Standing in formation, there are days when you just want to be hidden somewhere in the middle of the ranks, comfortably anonymous. Out in the job-search world, things are different. Front and center is the place to be, first in line and first through the door.

Turns out there are rules about that kind of thing. Employers are bound by a range of regulations as to who they can move to the front of the line — it's called "giving preference" — and under what conditions.

Not every employer can or will give you bonus points for having served. But it pays to know who can, and how it works.

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1. States say OK. Back when few women served, veterans' preference meant giving an edge to men. That could be classed as discrimination, said Adam Augustine Carter, principal at the Employment Law Group. To make the laws current, roughly half the states now have laws giving employers specific permission to give preference to veterans. With a written policy, employers are allowed to take veteran status into consideration as a factor in hiring.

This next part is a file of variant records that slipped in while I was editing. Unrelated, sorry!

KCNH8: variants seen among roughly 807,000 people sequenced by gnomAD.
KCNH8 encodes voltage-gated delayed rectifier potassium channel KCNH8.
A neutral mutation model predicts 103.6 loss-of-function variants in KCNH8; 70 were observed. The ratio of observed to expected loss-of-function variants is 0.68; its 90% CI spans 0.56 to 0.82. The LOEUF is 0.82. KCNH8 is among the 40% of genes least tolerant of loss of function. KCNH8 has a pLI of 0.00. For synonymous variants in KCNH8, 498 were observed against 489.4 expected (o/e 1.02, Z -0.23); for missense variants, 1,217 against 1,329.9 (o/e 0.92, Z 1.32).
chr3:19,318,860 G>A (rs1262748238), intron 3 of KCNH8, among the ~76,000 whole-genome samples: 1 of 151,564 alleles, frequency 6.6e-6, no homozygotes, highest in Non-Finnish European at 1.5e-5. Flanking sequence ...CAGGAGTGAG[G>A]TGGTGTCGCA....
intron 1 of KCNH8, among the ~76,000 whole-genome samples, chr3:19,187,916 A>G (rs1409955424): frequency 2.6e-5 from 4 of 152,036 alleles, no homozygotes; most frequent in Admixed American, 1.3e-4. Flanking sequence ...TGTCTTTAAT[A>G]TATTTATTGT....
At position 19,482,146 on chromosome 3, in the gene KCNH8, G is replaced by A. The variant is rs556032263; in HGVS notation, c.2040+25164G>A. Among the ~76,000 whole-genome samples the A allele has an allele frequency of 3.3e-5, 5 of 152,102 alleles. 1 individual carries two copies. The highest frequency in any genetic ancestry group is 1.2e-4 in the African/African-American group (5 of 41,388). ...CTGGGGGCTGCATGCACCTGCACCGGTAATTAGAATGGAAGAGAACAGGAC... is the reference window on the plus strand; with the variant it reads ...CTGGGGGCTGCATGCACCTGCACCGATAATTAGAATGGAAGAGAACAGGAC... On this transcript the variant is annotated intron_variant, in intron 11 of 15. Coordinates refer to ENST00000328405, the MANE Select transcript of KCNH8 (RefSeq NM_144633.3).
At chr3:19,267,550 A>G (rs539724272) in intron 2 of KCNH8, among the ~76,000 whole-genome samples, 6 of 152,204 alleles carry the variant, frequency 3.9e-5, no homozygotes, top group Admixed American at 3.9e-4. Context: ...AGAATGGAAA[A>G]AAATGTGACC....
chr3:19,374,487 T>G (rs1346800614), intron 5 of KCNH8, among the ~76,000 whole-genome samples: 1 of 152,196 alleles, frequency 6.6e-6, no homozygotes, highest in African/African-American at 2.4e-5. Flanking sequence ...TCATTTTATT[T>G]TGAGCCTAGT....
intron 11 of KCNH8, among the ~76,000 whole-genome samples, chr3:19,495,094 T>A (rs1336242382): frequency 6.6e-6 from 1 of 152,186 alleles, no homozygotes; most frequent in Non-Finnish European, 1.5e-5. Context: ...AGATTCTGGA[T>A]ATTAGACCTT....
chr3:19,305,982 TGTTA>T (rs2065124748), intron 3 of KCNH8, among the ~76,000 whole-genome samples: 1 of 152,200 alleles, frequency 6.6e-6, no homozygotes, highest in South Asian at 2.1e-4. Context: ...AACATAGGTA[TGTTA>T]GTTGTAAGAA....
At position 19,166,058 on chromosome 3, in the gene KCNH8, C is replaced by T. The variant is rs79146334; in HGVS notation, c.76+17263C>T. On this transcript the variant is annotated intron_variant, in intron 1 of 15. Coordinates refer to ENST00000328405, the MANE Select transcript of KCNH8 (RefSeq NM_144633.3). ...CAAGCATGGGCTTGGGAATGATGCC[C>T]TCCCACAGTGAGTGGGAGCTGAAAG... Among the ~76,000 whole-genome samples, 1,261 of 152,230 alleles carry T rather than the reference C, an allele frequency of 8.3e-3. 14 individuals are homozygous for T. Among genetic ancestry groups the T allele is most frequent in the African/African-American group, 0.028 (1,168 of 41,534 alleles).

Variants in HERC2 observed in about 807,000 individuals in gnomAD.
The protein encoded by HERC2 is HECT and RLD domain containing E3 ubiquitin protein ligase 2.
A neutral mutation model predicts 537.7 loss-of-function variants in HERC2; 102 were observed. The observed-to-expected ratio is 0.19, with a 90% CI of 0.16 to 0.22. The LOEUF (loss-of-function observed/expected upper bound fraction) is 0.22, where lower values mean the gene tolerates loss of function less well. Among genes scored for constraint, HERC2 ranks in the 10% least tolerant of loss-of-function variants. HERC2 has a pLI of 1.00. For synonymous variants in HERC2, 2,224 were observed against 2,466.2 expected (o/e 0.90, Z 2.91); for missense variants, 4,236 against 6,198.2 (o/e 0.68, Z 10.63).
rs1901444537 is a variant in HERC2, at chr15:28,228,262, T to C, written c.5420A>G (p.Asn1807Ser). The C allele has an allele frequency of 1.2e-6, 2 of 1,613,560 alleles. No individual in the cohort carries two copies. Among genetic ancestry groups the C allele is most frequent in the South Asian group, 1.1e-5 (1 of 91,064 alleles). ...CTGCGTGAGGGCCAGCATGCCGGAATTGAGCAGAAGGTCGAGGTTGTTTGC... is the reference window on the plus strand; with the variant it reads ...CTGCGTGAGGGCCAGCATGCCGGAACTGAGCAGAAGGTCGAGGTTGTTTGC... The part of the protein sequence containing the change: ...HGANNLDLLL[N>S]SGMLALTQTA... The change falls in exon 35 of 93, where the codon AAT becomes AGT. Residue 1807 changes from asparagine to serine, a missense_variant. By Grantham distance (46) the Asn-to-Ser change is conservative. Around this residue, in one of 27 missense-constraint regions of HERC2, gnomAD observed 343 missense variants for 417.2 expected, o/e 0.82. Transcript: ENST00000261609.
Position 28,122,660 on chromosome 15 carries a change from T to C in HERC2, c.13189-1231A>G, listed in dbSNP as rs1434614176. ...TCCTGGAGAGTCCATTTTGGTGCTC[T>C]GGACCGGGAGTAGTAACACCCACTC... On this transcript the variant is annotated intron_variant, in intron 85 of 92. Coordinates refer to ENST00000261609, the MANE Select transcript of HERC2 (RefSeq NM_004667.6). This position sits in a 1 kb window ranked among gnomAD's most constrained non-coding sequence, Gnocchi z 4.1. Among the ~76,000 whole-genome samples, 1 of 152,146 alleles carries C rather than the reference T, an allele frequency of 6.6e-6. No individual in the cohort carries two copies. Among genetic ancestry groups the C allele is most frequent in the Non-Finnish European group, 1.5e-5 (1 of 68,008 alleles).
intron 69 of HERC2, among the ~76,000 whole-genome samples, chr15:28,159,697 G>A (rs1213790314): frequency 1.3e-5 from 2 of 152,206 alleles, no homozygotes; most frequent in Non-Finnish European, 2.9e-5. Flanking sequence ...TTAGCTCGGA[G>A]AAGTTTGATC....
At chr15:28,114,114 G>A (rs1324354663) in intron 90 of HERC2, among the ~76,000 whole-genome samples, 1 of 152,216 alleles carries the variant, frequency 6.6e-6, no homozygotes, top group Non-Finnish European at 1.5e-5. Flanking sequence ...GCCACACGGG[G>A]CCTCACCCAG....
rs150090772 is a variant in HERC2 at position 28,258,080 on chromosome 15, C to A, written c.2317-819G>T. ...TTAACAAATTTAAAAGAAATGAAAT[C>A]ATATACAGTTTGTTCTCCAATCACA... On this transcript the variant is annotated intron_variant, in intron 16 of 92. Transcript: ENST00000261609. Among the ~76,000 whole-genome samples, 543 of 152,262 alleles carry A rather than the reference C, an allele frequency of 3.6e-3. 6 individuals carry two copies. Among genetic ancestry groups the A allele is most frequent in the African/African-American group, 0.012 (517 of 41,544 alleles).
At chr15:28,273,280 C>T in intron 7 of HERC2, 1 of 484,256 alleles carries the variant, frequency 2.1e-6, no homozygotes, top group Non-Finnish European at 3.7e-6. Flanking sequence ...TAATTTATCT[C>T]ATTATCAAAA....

2. Federal edge. The federal government gives veterans preference in nearly every hiring situation. You aren't guaranteed a job, but you get extra consideration. Details vary, but as a rule you get five points added to the score used in federal hiring decisions if you served on active duty for more than 180 consecutive days (depending on when you served) and 10 points if you have a service-connected disability or received a Purple Heart. Many states have similar laws.

3. Contact contractors. Companies doing business with the federal government are charged with giving special weight to veteran applicants. Employers with federal contracts or subcontracts of $25,000 or more must advertise jobs where veterans are likely to see them, target veterans as likely hires, and formally report back to the government on the actions they have taken to bring in former service members. There's no hiring quota here, but they need to give you a leg up.

4. Favorable conditions. It's worth noting that preference goes beyond hiring. Many employers will actively recruit veterans, and many more will make themselves "veteran friendly." This might include accommodations for post-traumatic stress disorder, flexibility for reservists' drill time or an in-house team who advocate for veterans' interests within the organization. While not strictly a form of preference, these kinds of veteran-friendly actions do send a message that veterans will be welcome.

5. One step too far. There are limits to how far a company can go in giving a veteran an edge. Under various anti-discrimination laws, an employer can't hire a veteran to the detriment of someone else. Meaning? Suppose a woman, an older person or a member of an ethnic minority applies for a job. Maybe the boss really wants to hire a veteran, but one of these other folks is more qualified. Hiring the veteran would be discriminatory. So there are limits.